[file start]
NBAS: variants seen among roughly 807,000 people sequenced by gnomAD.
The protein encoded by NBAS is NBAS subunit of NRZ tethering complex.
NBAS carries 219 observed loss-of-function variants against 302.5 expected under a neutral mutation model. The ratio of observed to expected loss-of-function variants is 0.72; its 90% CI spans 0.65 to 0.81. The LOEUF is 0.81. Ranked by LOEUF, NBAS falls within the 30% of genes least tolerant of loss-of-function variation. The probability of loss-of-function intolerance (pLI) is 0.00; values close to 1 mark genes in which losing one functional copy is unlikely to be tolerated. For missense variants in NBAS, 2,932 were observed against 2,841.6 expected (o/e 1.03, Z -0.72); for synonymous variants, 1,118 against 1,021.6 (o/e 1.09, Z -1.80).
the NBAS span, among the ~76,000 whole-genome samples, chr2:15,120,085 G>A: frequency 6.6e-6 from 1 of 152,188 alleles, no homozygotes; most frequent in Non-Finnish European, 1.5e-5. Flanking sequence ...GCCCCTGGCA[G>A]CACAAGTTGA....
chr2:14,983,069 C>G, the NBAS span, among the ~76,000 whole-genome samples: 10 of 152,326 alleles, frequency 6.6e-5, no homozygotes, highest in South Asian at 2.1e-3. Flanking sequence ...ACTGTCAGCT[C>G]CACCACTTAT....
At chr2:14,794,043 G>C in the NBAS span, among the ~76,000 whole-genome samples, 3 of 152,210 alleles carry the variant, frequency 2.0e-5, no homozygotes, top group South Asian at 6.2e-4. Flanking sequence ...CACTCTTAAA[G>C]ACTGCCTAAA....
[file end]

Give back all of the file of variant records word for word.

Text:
NBAS: variants seen among roughly 807,000 people sequenced by gnomAD.
The protein encoded by NBAS is NBAS subunit of NRZ tethering complex.
NBAS carries 219 observed loss-of-function variants against 302.5 expected under a neutral mutation model. The ratio of observed to expected loss-of-function variants is 0.72; its 90% CI spans 0.65 to 0.81. The LOEUF is 0.81. Ranked by LOEUF, NBAS falls within the 30% of genes least tolerant of loss-of-function variation. The probability of loss-of-function intolerance (pLI) is 0.00; values close to 1 mark genes in which losing one functional copy is unlikely to be tolerated. For missense variants in NBAS, 2,932 were observed against 2,841.6 expected (o/e 1.03, Z -0.72); for synonymous variants, 1,118 against 1,021.6 (o/e 1.09, Z -1.80).
the NBAS span, among the ~76,000 whole-genome samples, chr2:15,120,085 G>A: frequency 6.6e-6 from 1 of 152,188 alleles, no homozygotes; most frequent in Non-Finnish European, 1.5e-5. Flanking sequence ...GCCCCTGGCA[G>A]CACAAGTTGA....
chr2:14,983,069 C>G, the NBAS span, among the ~76,000 whole-genome samples: 10 of 152,326 alleles, frequency 6.6e-5, no homozygotes, highest in South Asian at 2.1e-3. Flanking sequence ...ACTGTCAGCT[C>G]CACCACTTAT....
At chr2:14,794,043 G>C in the NBAS span, among the ~76,000 whole-genome samples, 3 of 152,210 alleles carry the variant, frequency 2.0e-5, no homozygotes, top group South Asian at 6.2e-4. Flanking sequence ...CACTCTTAAA[G>C]ACTGCCTAAA....